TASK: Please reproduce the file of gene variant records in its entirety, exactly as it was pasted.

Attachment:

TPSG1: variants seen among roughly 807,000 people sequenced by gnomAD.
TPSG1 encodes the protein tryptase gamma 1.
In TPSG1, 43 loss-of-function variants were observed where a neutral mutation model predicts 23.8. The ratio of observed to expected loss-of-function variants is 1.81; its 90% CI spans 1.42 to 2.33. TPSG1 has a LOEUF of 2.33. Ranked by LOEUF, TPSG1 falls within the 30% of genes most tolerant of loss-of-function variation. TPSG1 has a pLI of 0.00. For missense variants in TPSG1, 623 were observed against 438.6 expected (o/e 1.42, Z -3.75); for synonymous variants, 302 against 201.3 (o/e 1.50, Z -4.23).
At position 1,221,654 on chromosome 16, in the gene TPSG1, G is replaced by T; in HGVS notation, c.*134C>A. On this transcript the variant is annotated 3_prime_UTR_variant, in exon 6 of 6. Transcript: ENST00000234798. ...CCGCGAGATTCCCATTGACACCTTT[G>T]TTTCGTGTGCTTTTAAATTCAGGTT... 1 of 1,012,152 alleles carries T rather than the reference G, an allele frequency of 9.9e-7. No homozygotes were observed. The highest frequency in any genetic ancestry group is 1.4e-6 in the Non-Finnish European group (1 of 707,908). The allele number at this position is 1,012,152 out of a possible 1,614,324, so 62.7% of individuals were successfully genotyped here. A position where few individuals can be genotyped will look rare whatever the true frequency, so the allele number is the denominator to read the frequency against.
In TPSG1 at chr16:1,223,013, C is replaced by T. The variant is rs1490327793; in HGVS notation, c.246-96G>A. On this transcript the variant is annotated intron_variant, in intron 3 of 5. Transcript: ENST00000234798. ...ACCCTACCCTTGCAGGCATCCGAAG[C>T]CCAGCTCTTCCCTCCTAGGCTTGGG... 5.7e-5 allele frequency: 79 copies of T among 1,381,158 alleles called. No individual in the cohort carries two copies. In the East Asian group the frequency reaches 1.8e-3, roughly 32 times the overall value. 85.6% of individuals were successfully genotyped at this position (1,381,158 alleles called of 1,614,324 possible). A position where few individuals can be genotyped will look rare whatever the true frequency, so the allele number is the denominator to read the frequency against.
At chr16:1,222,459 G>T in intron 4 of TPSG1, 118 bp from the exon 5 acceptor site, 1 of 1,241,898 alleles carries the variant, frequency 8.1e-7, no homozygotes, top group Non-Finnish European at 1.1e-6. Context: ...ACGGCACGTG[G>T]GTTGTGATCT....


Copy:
TPSG1: variants seen among roughly 807,000 people sequenced by gnomAD.
TPSG1 encodes the protein tryptase gamma 1.
In TPSG1, 43 loss-of-function variants were observed where a neutral mutation model predicts 23.8. The ratio of observed to expected loss-of-function variants is 1.81; its 90% CI spans 1.42 to 2.33. TPSG1 has a LOEUF of 2.33. Ranked by LOEUF, TPSG1 falls within the 30% of genes most tolerant of loss-of-function variation. TPSG1 has a pLI of 0.00. For missense variants in TPSG1, 623 were observed against 438.6 expected (o/e 1.42, Z -3.75); for synonymous variants, 302 against 201.3 (o/e 1.50, Z -4.23).
At position 1,221,654 on chromosome 16, in the gene TPSG1, G is replaced by T; in HGVS notation, c.*134C>A. On this transcript the variant is annotated 3_prime_UTR_variant, in exon 6 of 6. Transcript: ENST00000234798. ...CCGCGAGATTCCCATTGACACCTTT[G>T]TTTCGTGTGCTTTTAAATTCAGGTT... 1 of 1,012,152 alleles carries T rather than the reference G, an allele frequency of 9.9e-7. No homozygotes were observed. The highest frequency in any genetic ancestry group is 1.4e-6 in the Non-Finnish European group (1 of 707,908). The allele number at this position is 1,012,152 out of a possible 1,614,324, so 62.7% of individuals were successfully genotyped here. A position where few individuals can be genotyped will look rare whatever the true frequency, so the allele number is the denominator to read the frequency against.
In TPSG1 at chr16:1,223,013, C is replaced by T. The variant is rs1490327793; in HGVS notation, c.246-96G>A. On this transcript the variant is annotated intron_variant, in intron 3 of 5. Transcript: ENST00000234798. ...ACCCTACCCTTGCAGGCATCCGAAG[C>T]CCAGCTCTTCCCTCCTAGGCTTGGG... 5.7e-5 allele frequency: 79 copies of T among 1,381,158 alleles called. No individual in the cohort carries two copies. In the East Asian group the frequency reaches 1.8e-3, roughly 32 times the overall value. 85.6% of individuals were successfully genotyped at this position (1,381,158 alleles called of 1,614,324 possible). A position where few individuals can be genotyped will look rare whatever the true frequency, so the allele number is the denominator to read the frequency against.
At chr16:1,222,459 G>T in intron 4 of TPSG1, 118 bp from the exon 5 acceptor site, 1 of 1,241,898 alleles carries the variant, frequency 8.1e-7, no homozygotes, top group Non-Finnish European at 1.1e-6. Context: ...ACGGCACGTG[G>T]GTTGTGATCT....